This is mostly on DeSantis and his office, and it’s a bad look that they excluded other media outlets. That made the signing seem shady — like they wanted no part of journalists who might have grilled the governor about the new laws.

However, some in the business would argue that for known events such as Thursday’s, news outlets should band together. They should insist that if one reputable outlet is excluded then, as a sign of unity, all should refuse coverage. Should Fox News have seen to it that other outlets were included? That’s a gray area. It’s a cable news network in a very competitive cable news environment. You can understand the desire for an exclusive.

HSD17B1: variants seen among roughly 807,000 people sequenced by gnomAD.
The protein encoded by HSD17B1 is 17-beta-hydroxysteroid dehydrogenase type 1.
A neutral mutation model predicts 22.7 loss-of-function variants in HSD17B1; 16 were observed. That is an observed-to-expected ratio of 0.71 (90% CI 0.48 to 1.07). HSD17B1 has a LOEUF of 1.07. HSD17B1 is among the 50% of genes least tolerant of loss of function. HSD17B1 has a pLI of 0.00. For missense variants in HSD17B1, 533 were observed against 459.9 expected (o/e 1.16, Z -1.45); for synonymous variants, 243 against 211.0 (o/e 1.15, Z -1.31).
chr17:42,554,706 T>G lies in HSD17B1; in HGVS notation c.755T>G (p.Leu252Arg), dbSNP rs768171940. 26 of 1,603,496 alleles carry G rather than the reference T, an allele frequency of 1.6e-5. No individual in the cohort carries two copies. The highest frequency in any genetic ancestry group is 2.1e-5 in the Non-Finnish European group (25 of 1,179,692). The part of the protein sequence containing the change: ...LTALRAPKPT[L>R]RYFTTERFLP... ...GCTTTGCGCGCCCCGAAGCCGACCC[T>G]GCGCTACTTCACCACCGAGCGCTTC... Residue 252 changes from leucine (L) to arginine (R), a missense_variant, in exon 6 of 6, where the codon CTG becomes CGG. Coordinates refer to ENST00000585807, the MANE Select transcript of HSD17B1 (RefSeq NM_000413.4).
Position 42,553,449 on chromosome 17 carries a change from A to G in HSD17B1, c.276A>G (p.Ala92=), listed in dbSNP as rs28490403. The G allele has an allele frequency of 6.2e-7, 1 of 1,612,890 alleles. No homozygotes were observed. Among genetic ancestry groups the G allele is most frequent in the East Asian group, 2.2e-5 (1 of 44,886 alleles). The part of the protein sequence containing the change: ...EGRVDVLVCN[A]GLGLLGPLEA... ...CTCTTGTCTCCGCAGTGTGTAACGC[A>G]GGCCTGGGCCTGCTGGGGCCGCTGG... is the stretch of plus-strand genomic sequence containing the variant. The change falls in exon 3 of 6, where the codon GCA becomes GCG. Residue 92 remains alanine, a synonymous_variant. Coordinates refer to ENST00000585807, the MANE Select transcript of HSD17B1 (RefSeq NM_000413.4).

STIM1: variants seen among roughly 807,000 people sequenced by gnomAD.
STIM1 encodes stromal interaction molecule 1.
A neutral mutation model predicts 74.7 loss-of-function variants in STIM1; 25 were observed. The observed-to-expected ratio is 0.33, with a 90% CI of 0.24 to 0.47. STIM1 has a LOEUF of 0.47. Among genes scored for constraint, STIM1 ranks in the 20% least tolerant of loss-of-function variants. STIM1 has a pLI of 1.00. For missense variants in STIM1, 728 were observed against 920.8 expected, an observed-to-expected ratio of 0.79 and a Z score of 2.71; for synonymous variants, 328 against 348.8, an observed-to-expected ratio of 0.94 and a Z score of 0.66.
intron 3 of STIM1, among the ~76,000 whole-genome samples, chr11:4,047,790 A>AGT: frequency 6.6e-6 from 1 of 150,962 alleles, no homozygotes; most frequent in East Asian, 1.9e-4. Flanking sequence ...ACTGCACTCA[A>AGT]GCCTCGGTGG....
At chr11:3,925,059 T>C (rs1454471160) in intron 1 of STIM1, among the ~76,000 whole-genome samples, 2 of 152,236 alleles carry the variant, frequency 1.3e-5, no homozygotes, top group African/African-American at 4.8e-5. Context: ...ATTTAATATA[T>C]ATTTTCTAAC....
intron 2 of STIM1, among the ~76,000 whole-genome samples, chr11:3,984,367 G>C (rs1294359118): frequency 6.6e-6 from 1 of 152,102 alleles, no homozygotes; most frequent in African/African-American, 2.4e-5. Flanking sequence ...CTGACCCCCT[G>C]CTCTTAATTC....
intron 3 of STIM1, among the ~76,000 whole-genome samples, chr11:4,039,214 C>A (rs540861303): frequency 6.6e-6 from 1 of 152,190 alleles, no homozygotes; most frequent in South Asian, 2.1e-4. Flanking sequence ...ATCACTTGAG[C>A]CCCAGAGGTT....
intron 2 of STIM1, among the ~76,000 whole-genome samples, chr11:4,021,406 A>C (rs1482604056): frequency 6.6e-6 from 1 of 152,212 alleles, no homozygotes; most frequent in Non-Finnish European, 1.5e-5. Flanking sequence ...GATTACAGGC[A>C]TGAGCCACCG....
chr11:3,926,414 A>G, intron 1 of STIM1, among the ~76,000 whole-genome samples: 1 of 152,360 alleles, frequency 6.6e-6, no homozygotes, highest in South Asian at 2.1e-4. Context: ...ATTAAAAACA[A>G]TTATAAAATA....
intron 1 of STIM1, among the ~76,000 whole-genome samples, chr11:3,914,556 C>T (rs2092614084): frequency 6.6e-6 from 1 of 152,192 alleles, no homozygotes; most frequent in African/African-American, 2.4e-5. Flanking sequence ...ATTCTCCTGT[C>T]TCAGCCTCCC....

Plus, the counterargument to just Fox News being there is that it’s better for at least one outlet to bear witness as opposed to no outlets at all.

Here’s the bottom line, however: It’s disturbing — although not at all surprising — to see such a cozy relationship between DeSantis and Fox News. Obviously, DeSantis felt comfortable turning to Fox News for what turned out to be, as Bump wrote for the Post, the equivalent of a campaign event.

And Fox News played right along.

Strong comments

NBC News’ Chuck Todd on “MTP Daily” on Thursday. (Photo: courtesy of NBC News.)

Wow. This was the opening line from NBC News political director Chuck Todd on Thursday’s “MTP Daily” on MSNBC:

“None of this we say lightly. Today appears to be the day that you can mark in your calendars as the day that represents the Republican Party’s complete and total surrender to Donald Trump.”

Todd mentioned the Republican’s rebuke of one of their own (Wyoming Rep. Liz Cheney), new voting laws passed in red states Florida and Texas, and baseless accusations of election fraud that have led to a bizarre audit in Arizona.